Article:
FMC Technologies, Dunfermline, has invested over £2 million in a Fastems flexible manufacturing system (FMS) to streamline production of components for subsea control modules (SCMs) that fit into the company’s Christmas trees, which control the flow of oil from a well.
Around a dozen sizes of a family of four tightly toleranced components are machined – a 316 stainless steel hydraulic manifold block, a mild steel base plate, and stainless steel high-pressure and low-pressure adapter plates. Process capability of Cpk 1.67 is achieved, reliably and repeatably, even when the system is run unattended.
Main elements of the FMS are two Okuma MA-600HB twin-pallet, horizontal-spindle machining centres from NCMT linked by a Fastems multi-level automated storage and retrieval system for handling machine pallets and raw material. It maximises uptime of both spindles by ensuring prompt delivery of new work fixtured on pallets.
Additional benefits of adopting an FMS solution, rather than fixturing parts at the second pallet of each machine, include increased production flexibility, reduced lead times and less labour associated with transporting and storing pallets, allowing operators to carry out additional tasks while machining is in progress.
Of high capacity compared with its footprint, the 26-metre long, two-level Fastems store can hold twenty-four 630 x 630 mm machine pallets and thirty-two 800 x 1,200 mm Europallets of billets. The system is capable of 72 transfers per hour.
Two workpiece load / unload stations each have a rotary table with 8 x 45-degree indexing to assist set-up and machined part removal. The manual door at the front and the automatic roller shutter at the rear through which the pallet accesses the store are interlinked so that they cannot open simultaneously, ensuring operator safety. An adjacent input/output station conveniently delivers raw material from the store to the loading area.
Defined by a production schedule downloaded from FMC Technologies’ host computer into the Fastems MMS Windows-based software controlling the FMS, a fixtured billet is delivered automatically to whichever machining centre becomes available first. Running at up to 2.5 m/s on rails in an aisle along the length of the store, a 3-axis CNC stacker crane with a three-metre mast, lifting carriage and telescopic forks effects pallet transfers to a positioning accuracy of ± 3 mm.
At the same time as the MMS schedules a pallet transfer, the correct NC program number is sent to the relevant Okuma control and the cycle is activated when the pallet reaches the machine. Finished components are delivered back into the racking or directly to one of the set-up stations for removal and dispatch to Norway for assembly.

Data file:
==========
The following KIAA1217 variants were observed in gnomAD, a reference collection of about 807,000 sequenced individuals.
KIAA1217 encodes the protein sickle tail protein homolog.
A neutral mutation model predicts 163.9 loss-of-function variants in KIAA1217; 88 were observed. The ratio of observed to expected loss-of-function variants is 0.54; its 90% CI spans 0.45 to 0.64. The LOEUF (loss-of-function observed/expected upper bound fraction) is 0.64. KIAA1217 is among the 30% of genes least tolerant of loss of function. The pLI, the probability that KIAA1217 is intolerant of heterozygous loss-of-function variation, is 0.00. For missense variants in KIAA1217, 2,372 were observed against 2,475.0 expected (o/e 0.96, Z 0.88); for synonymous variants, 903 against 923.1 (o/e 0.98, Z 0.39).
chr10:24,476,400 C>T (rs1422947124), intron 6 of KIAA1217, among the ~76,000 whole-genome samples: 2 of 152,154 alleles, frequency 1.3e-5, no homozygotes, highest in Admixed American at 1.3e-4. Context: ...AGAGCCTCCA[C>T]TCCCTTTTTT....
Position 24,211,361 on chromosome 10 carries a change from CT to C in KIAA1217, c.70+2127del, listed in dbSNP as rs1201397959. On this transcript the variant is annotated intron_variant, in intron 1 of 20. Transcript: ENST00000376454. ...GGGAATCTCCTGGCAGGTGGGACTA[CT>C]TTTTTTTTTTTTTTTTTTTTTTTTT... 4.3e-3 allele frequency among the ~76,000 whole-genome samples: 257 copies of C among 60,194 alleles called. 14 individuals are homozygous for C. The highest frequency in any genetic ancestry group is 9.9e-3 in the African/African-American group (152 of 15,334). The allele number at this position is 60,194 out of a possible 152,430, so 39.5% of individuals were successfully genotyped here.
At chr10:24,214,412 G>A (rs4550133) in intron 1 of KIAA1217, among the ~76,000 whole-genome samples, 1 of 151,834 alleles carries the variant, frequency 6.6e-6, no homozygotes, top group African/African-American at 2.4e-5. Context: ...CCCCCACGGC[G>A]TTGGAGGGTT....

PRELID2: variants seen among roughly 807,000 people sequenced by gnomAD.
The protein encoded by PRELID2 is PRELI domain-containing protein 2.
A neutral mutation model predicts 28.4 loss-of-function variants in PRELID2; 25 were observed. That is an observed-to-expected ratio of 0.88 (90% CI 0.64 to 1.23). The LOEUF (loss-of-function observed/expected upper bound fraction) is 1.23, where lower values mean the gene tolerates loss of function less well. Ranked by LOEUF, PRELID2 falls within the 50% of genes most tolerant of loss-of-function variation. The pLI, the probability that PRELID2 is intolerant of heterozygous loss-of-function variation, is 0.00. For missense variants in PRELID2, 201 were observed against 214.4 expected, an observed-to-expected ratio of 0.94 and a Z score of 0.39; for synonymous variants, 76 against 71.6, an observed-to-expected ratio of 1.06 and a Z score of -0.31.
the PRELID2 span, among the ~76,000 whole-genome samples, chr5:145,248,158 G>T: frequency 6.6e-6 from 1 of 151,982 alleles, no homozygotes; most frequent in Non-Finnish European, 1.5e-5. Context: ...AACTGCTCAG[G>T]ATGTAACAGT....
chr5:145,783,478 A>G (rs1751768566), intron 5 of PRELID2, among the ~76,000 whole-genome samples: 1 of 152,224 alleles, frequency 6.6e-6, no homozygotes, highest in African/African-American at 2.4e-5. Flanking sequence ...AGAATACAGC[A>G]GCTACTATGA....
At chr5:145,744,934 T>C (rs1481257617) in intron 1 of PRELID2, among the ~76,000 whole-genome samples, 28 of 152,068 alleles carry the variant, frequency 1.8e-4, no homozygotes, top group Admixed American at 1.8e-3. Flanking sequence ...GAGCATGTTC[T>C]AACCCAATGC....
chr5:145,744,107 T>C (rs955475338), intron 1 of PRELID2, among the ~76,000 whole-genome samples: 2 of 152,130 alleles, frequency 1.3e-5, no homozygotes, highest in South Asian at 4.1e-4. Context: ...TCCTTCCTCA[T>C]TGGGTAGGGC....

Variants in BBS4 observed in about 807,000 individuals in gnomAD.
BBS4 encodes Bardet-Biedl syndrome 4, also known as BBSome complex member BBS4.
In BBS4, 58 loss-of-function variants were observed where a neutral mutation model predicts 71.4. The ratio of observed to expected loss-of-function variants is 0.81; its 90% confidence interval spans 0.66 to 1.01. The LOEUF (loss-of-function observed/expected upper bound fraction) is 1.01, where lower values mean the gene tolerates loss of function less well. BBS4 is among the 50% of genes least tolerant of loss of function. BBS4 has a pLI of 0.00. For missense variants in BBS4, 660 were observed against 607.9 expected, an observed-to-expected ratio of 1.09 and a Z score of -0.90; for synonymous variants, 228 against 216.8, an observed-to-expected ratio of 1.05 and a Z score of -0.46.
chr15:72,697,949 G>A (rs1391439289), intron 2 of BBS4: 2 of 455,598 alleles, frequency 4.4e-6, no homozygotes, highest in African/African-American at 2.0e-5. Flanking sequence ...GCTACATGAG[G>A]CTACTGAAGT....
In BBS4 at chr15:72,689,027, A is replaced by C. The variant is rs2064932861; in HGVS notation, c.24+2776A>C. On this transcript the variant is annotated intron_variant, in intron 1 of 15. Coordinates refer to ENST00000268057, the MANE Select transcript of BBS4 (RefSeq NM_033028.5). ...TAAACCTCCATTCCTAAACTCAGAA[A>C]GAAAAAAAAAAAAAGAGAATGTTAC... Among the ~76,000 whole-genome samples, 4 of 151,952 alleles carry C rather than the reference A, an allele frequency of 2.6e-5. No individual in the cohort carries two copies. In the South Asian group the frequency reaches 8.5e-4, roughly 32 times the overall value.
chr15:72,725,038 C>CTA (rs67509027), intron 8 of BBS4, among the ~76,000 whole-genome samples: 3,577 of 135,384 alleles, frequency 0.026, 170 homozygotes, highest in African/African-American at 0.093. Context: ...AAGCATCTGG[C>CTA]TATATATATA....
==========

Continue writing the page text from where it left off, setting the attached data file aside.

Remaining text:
A chip is attached to each toolholder containing 10 lines of information concerning the cutter, including length, radius offsets and remaining life. When a tool is exchanged into a spindle from the 285-tool magazine fitted to each machining centre, the data is corroborated by laser probe. The Fastems MMS has an integral tool management module to track and manage the movement of tooling throughout the FMS via its connection with the machine controls.
MMS has a simulation software module, allowing evaluation of whether the available machining capacity is sufficient for the planned production. Different scenarios can be tested by including, excluding and modifying the due dates and order status. Results are displayed as both a bar graph and Gantt chart.
The main window in the Fastems control displays a mimic of the entire system and uses colours and icons to advise the real-time status of all FMS elements. Active production orders are displayed in a work list window and are sorted by their dynamic priority. The window also displays on separate rows all of the operations of an individual production order. The status of the production resources for each operation is displayed separately, ie machining and material pallets, NC programs, tools and raw materials in storage.
Operators effectively work in a paperless environment, as set-up sheets, tooling data and setting details are all stored electronically. Information is transmitted upstream after completion of each machining cycle, enabling full statistical reporting on FMS utilisation and management overview of production.
The modular Fastems system can be extended to cope with future increases in production volumes. Indeed, when laying the foundations for the FMS at Dunfermline, provision was made to add a third machining centre, ensuring sufficient capacity for all SCM modules well into the future.